Editorial Feature

Spectroscopic Methods for Advanced Imaging Techniques

Volumetric three-dimensional displays are known to offer a spatial accuracy that can represent images with 360° view. However, despite their potential, they have been notoriously difficult to implement due to a complex fabrication process. A Research team from Texas, USA, have now developed a chemically enabled volumetric 3D digital light photoactivatable dye display (3D Light PAD), which is not only efficient, but can be easily fabricated.

Advanced imaging techniques now have the ability to capture high-resolution biological imaging data in 3D. However, digital methods to display said data are currently restricted to 2-dimensions.

The entertainment industry uses three-dimensional (3D) stereoscopic movies, but other sectors, including the sciences, have found little uses for these methods, namely because the image outputs are actually two dimensional (2D) and rely on binocular disparity to trick the brain into seeing a 3D image.

Volumetric 3D displays on the other hand, are a true and spatially accurate 3D platform which is currently expanding through the medical, engineering, architectural, educational and military sectors. Volumetric 3D displays are known to structure light in 3D with a full integration of physical depth cues, inclusive of the accommodation, convergence, motion parallax and binocular disparity cues.

The Texas-based Researchers have created a 3D light pad which uses a special combination of photoactivatable molecules and digital light processing (DLP) technology in order to generate light which is structured in three-dimensions.

The device was fabricated using a photoactivatable (fluorescent switchable) N-phenyl spirolactam rhodamine B dye, a picoprojector, an ultraviolet projector and a custom quartz imaging chamber. The Researchers used a Hitachi F-7000 Spectrophotometer to measure the fluorescence emission of the pad.

The Researchers operated the 3D light pad using small photoactivatable molecules with certain optical properties, whereby they became reversibly fluorescent under ultraviolet (UV) light. These were namely through a non-fluorescent ‘off’ state and fluorescent (or visibly absorbing) ‘on’ state, and were decided through the illumination of a wavelength outside of the visible absorbance spectrum, a fast photoactivation rate and the ability to quickly deactivate into the ‘off’ state.

The tuning of the kinetic and emission wavelengths enabled the Researchers to generate a spatial pattern at the intersection of two structured light beams. The Researchers used the 3D pad to simultaneously activate the fluorophores into an excited state, to produce a spatial pattern by DLP and generate a volumetric 3D image which is both viewable and spatially accurate.

The display pad produced a fast photoactivation, a 415 fold increase with respect to the fluorescence emission a minimum voxel (volume + pixel) size of 0.68 mm3, 200 mm resolution, a high stability throughout multiple ‘on-off’ cycles and a relatively low fabrication cost of under $5000 (for the first-generation prototype).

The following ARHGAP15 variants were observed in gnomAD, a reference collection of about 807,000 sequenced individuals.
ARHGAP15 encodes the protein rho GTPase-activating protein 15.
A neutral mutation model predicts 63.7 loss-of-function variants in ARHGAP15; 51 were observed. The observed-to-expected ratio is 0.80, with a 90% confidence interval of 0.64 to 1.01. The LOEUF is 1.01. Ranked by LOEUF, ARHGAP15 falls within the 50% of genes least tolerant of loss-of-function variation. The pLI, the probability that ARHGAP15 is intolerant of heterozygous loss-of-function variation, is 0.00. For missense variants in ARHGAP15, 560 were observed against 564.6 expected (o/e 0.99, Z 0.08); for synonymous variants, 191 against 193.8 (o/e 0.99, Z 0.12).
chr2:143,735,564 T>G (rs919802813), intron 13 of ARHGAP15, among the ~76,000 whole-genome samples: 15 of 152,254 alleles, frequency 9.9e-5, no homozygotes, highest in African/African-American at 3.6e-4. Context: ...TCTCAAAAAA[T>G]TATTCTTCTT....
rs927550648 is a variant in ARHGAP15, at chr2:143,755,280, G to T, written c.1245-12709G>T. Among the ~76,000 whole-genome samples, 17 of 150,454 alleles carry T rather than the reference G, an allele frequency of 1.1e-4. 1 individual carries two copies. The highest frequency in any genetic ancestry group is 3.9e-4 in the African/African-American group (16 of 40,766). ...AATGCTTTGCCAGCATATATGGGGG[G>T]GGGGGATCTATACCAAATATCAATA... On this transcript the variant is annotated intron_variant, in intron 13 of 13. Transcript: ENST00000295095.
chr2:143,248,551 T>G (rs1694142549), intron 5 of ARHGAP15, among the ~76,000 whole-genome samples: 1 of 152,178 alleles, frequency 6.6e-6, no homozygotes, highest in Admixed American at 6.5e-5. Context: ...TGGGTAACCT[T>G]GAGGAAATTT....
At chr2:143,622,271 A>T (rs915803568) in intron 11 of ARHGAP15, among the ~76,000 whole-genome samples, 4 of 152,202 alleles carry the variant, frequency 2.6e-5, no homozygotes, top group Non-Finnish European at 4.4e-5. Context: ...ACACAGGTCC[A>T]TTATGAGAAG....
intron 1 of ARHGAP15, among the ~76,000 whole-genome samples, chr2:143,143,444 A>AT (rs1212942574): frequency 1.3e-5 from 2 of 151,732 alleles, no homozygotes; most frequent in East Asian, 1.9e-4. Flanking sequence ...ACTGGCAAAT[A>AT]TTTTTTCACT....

The pad can be used to project high-resolution images at designated points in a 3D space. Utilizing this, a significant number of objects were rendered by the Researchers, including the 3D structure of the N-phenyl spirolactam rhodamine B dye used in the display.

The Researchers employed an optical slicing strategy to overcome issues surrounding ‘ghost’ voxels (a projected image at a different depth to the actual voxel) and it has been thought that the implementation of improved photoactivatable dyes and DLP projector technologies will increase the impact of this mechanism.

3D animations were produced by projecting a dynamic green light onto a static UV photoactivated pattern. This system was found to have a high refresh rate, no moving parts, use low-power light sources, be inexpensive and have an easy implementation. The properties exhibited in this display show significant advances compare to existing volumetric 3D display technologies.

The 3D Light PAD was found to address a larger number of voxels, with a smaller voxel size, when compared to other recently developed static volume volumetric 3D displays. The pad is also favorable in terms of its voxel size against leading swept-volume rotating screen displays.

The Researchers believe that the future development of these device will allow the scaling up of the internal system itself, with results likely to include a higher number of voxels without the need for high-speed projectors or moving parts.

It is anticipated that this device type, and its associated strategy will be included and applied to the growing number of photoactivatable molecules and DLP chip sets, whilst providing a new avenue for the development and commercialization of readily accessible volumetric 3D displays.


“A volumetric three-dimensional digital light photoactivatable dye display”- Patel S. K., et al, Nature Communications, 2017, DOI: 10.1038/ncomms15239

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